Stem Cells Used To Grow a New Tooth Inside a Mouse's Mouth

Glowing Mouse Tooth

via Pink Tentacle

Just the sound of a dentist's drill is enough to send most people into a panic. Add to that the awful inconvenience of walking around for a day with half your face numb, and it's easy to see why getting a cavity filled or a tooth replaced is one of life's most annoying chores. Fortunately, some new research may make the common drill-and-fill a thing of the past.

A mouse in Japan has successfully regrown a lost molar from a genetically engineered tooth seed. Essentially composed of tooth stem cells, the seed grew into a fully functional tooth after only about a month and a half. The new tooth works far better than an inorganic implant, because it contains the same nerves and vascular connections as a natural tooth. As seen in the picture above, it has the additional optional feature of glowing green under ultraviolet light.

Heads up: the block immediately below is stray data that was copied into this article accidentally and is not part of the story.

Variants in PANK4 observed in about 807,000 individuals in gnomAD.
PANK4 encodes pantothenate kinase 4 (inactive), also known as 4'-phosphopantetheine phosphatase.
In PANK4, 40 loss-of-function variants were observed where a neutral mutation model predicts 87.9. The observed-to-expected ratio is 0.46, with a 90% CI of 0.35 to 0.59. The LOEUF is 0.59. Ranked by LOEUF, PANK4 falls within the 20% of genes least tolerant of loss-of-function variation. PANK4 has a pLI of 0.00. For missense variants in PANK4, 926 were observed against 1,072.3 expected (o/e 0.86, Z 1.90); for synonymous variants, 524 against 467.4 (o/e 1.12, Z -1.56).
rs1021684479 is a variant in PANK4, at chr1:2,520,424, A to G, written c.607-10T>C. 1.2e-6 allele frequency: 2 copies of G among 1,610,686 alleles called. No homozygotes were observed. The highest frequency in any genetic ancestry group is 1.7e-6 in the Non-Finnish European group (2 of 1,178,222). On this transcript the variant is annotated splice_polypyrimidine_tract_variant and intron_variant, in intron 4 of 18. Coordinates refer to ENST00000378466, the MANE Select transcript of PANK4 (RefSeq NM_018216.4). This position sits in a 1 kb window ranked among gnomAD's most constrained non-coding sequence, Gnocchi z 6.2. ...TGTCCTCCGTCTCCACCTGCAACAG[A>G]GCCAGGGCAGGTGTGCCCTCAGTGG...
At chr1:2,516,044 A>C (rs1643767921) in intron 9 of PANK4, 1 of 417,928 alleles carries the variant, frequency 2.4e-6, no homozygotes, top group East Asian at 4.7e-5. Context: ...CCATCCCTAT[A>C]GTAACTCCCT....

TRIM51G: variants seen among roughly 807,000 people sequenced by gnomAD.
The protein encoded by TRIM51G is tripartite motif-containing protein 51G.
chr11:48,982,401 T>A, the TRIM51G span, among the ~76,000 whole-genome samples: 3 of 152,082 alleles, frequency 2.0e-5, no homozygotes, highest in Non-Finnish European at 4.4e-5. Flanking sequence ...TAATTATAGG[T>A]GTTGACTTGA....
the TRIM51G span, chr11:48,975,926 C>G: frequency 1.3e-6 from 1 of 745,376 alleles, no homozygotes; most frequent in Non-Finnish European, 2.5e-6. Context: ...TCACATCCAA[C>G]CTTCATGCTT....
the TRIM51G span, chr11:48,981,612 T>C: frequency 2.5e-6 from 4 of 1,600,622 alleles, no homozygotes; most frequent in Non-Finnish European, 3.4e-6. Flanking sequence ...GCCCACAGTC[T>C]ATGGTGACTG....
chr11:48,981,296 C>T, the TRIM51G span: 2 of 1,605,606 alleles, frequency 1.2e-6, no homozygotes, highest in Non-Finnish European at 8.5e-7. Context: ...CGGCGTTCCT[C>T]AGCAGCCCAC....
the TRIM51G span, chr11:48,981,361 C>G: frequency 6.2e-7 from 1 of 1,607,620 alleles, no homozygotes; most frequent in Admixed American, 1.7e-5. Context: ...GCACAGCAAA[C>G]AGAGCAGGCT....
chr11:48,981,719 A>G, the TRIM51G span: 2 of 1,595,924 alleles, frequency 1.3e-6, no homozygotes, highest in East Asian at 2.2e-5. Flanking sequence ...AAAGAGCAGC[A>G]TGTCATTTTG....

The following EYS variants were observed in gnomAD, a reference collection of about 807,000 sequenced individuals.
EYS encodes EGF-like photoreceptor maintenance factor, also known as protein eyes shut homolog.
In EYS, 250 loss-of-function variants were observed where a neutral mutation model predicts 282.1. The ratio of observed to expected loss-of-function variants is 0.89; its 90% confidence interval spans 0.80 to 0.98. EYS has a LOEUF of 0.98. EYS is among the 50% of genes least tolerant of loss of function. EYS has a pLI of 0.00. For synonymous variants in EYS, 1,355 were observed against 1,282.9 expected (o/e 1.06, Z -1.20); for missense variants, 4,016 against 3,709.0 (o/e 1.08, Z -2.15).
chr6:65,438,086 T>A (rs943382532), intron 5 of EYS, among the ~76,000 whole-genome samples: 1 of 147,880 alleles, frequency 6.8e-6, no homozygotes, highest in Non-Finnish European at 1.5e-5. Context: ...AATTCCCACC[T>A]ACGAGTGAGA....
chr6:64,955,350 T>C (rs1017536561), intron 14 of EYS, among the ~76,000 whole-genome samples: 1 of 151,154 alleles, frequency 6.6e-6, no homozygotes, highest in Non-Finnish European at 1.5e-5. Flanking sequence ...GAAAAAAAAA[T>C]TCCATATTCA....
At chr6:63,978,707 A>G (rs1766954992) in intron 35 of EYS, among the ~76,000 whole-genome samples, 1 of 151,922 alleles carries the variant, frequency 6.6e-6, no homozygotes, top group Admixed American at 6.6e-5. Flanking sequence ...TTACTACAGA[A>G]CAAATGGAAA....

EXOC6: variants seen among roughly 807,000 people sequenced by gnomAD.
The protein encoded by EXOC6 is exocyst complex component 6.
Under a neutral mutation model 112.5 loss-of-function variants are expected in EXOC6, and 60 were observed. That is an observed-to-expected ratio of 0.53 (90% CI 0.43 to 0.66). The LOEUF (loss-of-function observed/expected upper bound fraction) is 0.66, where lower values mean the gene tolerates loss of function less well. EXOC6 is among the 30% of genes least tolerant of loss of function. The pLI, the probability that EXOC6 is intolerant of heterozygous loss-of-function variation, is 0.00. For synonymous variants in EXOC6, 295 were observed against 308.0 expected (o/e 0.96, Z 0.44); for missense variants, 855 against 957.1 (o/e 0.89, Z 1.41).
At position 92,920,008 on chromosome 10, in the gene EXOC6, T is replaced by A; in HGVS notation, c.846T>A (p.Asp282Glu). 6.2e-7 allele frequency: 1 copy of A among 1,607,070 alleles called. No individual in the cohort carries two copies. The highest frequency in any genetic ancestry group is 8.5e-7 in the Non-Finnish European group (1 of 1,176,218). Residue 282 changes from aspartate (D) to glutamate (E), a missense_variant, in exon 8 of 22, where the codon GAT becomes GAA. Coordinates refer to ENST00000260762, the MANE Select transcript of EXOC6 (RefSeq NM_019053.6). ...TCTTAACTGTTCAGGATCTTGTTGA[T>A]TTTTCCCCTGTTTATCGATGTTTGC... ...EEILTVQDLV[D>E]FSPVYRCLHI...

The scientists created the seed by placing a mixture of multipotent cells, a less variable type of undifferentiated stem cell, into an organ culture for a week. Once the ball of cells began to differentiate, the scientists surgically implanted the cell seed directly into a hole in the mouse's jaw. After that, the tooth was on its way.

With the technique perfected, its easy to imagine the dentist forgoing the drill and simply smearing a tooth stem cell concoction over a cavity, letting the tooth regrow itself. As someone who takes frequent and problematic trips to the dentist, I look forward to the day when the most painful part of a trip to the dentist is reading five-month-old issues of Us Weekly in the waiting room.